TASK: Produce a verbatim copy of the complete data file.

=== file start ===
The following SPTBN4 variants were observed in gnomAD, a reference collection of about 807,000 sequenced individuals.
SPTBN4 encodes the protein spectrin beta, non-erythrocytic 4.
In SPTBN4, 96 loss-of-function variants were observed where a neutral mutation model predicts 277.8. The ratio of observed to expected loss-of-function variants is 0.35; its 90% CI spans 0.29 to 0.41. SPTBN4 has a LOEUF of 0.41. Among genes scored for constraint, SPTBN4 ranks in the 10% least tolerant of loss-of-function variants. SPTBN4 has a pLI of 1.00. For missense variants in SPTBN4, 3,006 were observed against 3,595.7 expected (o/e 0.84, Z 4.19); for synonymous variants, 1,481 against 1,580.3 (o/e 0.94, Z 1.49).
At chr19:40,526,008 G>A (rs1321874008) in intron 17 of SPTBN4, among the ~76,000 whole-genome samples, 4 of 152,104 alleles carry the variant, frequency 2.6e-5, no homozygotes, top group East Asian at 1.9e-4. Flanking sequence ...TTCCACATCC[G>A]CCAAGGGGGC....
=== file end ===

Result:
The following SPTBN4 variants were observed in gnomAD, a reference collection of about 807,000 sequenced individuals.
SPTBN4 encodes the protein spectrin beta, non-erythrocytic 4.
In SPTBN4, 96 loss-of-function variants were observed where a neutral mutation model predicts 277.8. The ratio of observed to expected loss-of-function variants is 0.35; its 90% CI spans 0.29 to 0.41. SPTBN4 has a LOEUF of 0.41. Among genes scored for constraint, SPTBN4 ranks in the 10% least tolerant of loss-of-function variants. SPTBN4 has a pLI of 1.00. For missense variants in SPTBN4, 3,006 were observed against 3,595.7 expected (o/e 0.84, Z 4.19); for synonymous variants, 1,481 against 1,580.3 (o/e 0.94, Z 1.49).
At chr19:40,526,008 G>A (rs1321874008) in intron 17 of SPTBN4, among the ~76,000 whole-genome samples, 4 of 152,104 alleles carry the variant, frequency 2.6e-5, no homozygotes, top group East Asian at 1.9e-4. Flanking sequence ...TTCCACATCC[G>A]CCAAGGGGGC....